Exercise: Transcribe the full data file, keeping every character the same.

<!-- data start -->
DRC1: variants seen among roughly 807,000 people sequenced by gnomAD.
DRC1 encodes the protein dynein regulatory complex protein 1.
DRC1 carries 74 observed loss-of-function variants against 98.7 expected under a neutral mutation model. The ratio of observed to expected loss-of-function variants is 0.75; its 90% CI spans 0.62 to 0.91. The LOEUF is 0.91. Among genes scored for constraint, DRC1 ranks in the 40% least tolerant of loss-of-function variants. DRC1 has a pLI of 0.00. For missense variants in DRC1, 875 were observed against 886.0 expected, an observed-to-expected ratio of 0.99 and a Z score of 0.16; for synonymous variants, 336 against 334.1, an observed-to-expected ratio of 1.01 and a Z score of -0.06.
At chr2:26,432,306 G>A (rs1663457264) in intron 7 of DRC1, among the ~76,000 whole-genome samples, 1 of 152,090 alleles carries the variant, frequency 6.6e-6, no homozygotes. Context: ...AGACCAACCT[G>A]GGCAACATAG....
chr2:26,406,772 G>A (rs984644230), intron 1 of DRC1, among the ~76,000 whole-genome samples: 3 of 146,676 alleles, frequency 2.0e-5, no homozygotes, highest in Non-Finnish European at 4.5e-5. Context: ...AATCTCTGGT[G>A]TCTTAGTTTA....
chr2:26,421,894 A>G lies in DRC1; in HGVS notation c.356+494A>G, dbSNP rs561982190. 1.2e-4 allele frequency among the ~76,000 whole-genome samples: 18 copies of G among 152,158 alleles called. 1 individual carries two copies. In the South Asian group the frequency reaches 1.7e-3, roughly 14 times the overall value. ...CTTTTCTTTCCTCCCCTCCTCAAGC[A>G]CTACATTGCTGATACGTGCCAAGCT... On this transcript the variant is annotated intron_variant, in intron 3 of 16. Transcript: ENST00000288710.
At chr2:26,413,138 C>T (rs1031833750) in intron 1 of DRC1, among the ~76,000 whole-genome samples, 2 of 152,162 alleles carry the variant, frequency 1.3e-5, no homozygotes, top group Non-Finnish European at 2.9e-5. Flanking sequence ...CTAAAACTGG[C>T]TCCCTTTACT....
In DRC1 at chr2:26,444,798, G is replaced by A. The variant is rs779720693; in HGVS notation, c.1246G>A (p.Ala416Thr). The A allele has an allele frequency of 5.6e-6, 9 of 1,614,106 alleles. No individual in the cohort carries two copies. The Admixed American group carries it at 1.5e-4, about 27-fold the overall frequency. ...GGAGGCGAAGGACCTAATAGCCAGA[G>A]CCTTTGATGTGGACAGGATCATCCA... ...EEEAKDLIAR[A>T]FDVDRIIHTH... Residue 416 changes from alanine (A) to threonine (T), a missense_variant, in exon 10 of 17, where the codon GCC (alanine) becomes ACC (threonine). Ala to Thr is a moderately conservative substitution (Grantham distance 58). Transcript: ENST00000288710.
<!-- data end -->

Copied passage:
DRC1: variants seen among roughly 807,000 people sequenced by gnomAD.
DRC1 encodes the protein dynein regulatory complex protein 1.
DRC1 carries 74 observed loss-of-function variants against 98.7 expected under a neutral mutation model. The ratio of observed to expected loss-of-function variants is 0.75; its 90% CI spans 0.62 to 0.91. The LOEUF is 0.91. Among genes scored for constraint, DRC1 ranks in the 40% least tolerant of loss-of-function variants. DRC1 has a pLI of 0.00. For missense variants in DRC1, 875 were observed against 886.0 expected, an observed-to-expected ratio of 0.99 and a Z score of 0.16; for synonymous variants, 336 against 334.1, an observed-to-expected ratio of 1.01 and a Z score of -0.06.
At chr2:26,432,306 G>A (rs1663457264) in intron 7 of DRC1, among the ~76,000 whole-genome samples, 1 of 152,090 alleles carries the variant, frequency 6.6e-6, no homozygotes. Context: ...AGACCAACCT[G>A]GGCAACATAG....
chr2:26,406,772 G>A (rs984644230), intron 1 of DRC1, among the ~76,000 whole-genome samples: 3 of 146,676 alleles, frequency 2.0e-5, no homozygotes, highest in Non-Finnish European at 4.5e-5. Context: ...AATCTCTGGT[G>A]TCTTAGTTTA....
chr2:26,421,894 A>G lies in DRC1; in HGVS notation c.356+494A>G, dbSNP rs561982190. 1.2e-4 allele frequency among the ~76,000 whole-genome samples: 18 copies of G among 152,158 alleles called. 1 individual carries two copies. In the South Asian group the frequency reaches 1.7e-3, roughly 14 times the overall value. ...CTTTTCTTTCCTCCCCTCCTCAAGC[A>G]CTACATTGCTGATACGTGCCAAGCT... On this transcript the variant is annotated intron_variant, in intron 3 of 16. Transcript: ENST00000288710.
At chr2:26,413,138 C>T (rs1031833750) in intron 1 of DRC1, among the ~76,000 whole-genome samples, 2 of 152,162 alleles carry the variant, frequency 1.3e-5, no homozygotes, top group Non-Finnish European at 2.9e-5. Flanking sequence ...CTAAAACTGG[C>T]TCCCTTTACT....
In DRC1 at chr2:26,444,798, G is replaced by A. The variant is rs779720693; in HGVS notation, c.1246G>A (p.Ala416Thr). The A allele has an allele frequency of 5.6e-6, 9 of 1,614,106 alleles. No individual in the cohort carries two copies. The Admixed American group carries it at 1.5e-4, about 27-fold the overall frequency. ...GGAGGCGAAGGACCTAATAGCCAGA[G>A]CCTTTGATGTGGACAGGATCATCCA... ...EEEAKDLIAR[A>T]FDVDRIIHTH... Residue 416 changes from alanine (A) to threonine (T), a missense_variant, in exon 10 of 17, where the codon GCC (alanine) becomes ACC (threonine). Ala to Thr is a moderately conservative substitution (Grantham distance 58). Transcript: ENST00000288710.